Written by: Audrey Clement, R.D.
What are hormones?
Hormones act as messengers in the body and communicate to our organs and tissues. They work to maintain homeostasis in the body through regulation of metabolism, reproduction, growth and development, sleep, response to injury, stress and environmental factors.
What does hormonal imbalance mean?
Hormone imbalance simply means that there is an over or underproduction of hormones. If hormones are not being produced at optimal levels, it can negatively affect metabolism, reproduction, growth and development, sleep and response to stressors. There are many possible causes for hormone imbalances, and you should always investigate those with a trusted healthcare provider. Most of the time, hormone imbalances are caused by nonoptimal lifestyle behaviors.
What can I do to optimize my hormone production?
There are a lot of factors that may affect your hormone production. Let’s dive into the top 10 lifestyle behaviors that will benefit most people’s hormonal health.
Eat in alignment with your circadian rhythm. This is the most common mistake I see as a dietitian. Many people will delay breakfast or their first meal until they are 4-6 hours into their day. It is beneficial for our metabolic and sleep hormones to increase food intake during the hours we are awake and active, while decreasing food intake around the time of day we are winding down and less active. Aim to eat within 1-2 hours of waking and cut off your food intake 2-3 hours before bed.
Start your morning with a meal high in protein and fiber. Breakfast sets the tone for your insulin and cortisol levels. If you start your day with a large Starbucks coffee and a pastry, you’re likely to throw those hormones on a roller coaster ride. An example of a high protein and fiber breakfast could look like: 2 eggs + ¼ cup egg whites with sautéed bell peppers and a whole grain english muffin.
Limit caffeine intake. Excessive caffeine intake can negatively impact your cortisol levels. Try to avoid drinking caffeine on an empty stomach in the morning. If you’re not very hungry in the morning, consume something small such as a piece of toast with peanut butter. Caffeine intake too close to bed can impair sleep quality as well. Avoid caffeine after 1pm because caffeine can stay in your system for up to 10 hours. If cutting off caffeine intake earlier in the day seems too challenging, try switching over to green tea in the afternoon. Green tea contains L-theanine which can reduce stress and increase mental clarity/focus.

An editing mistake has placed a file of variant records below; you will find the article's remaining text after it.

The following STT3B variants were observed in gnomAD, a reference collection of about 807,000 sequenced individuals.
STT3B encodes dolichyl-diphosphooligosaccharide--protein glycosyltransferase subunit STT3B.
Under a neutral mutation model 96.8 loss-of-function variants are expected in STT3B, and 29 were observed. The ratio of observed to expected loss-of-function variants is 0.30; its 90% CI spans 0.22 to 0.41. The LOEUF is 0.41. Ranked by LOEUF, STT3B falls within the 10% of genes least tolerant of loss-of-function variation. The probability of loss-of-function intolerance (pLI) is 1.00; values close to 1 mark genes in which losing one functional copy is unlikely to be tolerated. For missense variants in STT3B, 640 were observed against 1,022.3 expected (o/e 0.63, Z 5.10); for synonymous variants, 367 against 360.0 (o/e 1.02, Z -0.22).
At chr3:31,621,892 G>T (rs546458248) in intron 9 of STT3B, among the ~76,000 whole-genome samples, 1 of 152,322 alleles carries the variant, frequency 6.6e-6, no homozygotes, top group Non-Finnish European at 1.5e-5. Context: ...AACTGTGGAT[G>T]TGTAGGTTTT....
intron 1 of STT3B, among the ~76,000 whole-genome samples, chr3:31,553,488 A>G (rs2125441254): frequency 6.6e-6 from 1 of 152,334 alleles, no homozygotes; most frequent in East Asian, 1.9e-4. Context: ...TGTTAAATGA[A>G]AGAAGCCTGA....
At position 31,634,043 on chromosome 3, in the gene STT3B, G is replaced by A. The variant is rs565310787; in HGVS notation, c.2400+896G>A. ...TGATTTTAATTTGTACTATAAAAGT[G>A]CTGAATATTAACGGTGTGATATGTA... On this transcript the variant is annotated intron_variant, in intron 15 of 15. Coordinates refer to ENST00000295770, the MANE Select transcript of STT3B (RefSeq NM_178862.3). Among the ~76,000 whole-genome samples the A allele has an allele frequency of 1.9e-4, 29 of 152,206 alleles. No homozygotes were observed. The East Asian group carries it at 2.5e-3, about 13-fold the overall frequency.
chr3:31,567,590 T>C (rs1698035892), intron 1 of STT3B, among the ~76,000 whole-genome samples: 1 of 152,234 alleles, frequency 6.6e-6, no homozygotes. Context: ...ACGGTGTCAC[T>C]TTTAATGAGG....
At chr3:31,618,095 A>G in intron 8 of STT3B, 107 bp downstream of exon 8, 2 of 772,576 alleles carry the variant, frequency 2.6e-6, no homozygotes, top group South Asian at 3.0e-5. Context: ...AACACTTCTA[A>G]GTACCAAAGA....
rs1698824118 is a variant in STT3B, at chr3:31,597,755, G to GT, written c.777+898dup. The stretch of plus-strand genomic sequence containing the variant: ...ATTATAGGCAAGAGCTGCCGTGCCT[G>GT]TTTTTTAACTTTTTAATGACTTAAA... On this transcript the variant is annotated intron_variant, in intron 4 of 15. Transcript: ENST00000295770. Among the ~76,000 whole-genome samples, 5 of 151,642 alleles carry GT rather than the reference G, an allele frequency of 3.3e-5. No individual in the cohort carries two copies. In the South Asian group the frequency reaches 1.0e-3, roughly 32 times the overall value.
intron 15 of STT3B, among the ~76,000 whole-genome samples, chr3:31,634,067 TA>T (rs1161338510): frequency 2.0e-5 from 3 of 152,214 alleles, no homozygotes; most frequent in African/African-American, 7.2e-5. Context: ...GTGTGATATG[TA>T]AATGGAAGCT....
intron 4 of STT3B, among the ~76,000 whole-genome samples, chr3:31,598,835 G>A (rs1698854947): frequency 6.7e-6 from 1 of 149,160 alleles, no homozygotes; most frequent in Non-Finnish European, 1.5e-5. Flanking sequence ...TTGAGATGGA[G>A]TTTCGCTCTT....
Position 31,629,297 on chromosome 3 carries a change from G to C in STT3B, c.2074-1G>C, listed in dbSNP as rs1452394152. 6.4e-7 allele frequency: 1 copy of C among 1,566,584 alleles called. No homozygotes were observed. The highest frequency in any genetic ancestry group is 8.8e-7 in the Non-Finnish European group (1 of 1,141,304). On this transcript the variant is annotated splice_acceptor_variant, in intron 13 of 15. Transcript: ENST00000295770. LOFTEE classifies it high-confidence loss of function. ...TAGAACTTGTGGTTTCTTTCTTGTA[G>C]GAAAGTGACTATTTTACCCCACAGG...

Increase your daily water intake. If your cells are dehydrated they can’t function properly, which is a large stressor on your body. Aim for a minimum of 0.5oz fluid per lb. of body weight per day.
Move more! Cortisol, insulin, thyroid hormones and sex hormones all benefit from routine exercise. Exercise will also boost serotonin and dopamine levels which will aid in stress management and sleep quality. Aim to implement 5 hours of moderate-intensity exercise per week with 2-3 days of strength training per week. If 5 hours is a large jump from where you are now, start with 30 minutes of intentional movement each day. This movement could be walking, stretching, dancing, doing yard work, etc. Just move!
Share meals with loved ones. Food is fuel AND connection with others. Meaningful social interaction can increase oxytocin production aka the love hormone. Research shows that increased oxytocin may enhance glucose and lipid metabolism, lowering risk for diabetes and heart disease.
Reduce excess added sugar in your diet. High amounts of added sugar can negatively impact cortisol, insulin, melatonin, thyroid hormones and sex hormones. Added sugar is not limited to cane sugar and corn syrup. Honey and maple syrup also count as added sugar. Added sugars are often hiding in sauces, condiments, granola bars, cereal, granola and cocktails.
Get sun exposure in the morning! Your circadian rhythm, aka your body’s internal clock, is intertwined with many hormones in the body. The best way to regulate your circadian rhythm is to modify your light exposure to align with your sleep wake schedule. If you wake up at 6am, ideally you should try to get direct sun exposure for 10-20 minutes before 10am. If you are asleep by 10pm, you should dim artificial light 2 hours before bed at around 8pm.
Stop eliminating certain macronutrients from your diet. Each macronutrient plays an essential role in your ability to function. Eliminating macronutrients completely is very stressful on the body by making it have to work less efficiently. Elimination of macronutrients may also affect growth hormone and insulin which could result in diminished ability to build muscle. It is best to learn how to incorporate all macronutrients in a balanced diet that fits your needs.
Reduce alcohol. Alcohol is a toxin and negatively impacts every hormone in your body. This does not mean you have to eliminate alcohol completely. Start by evaluating the time of day in which you consume alcohol and how much you have in one sitting. Avoid drinking alcohol close to bed so it does not impair your sleep quality. For example, instead of having a glass of wine after dinner, have a glass of wine while you’re preparing dinner. Avoid drinking more than 1-2 drinks in one sitting.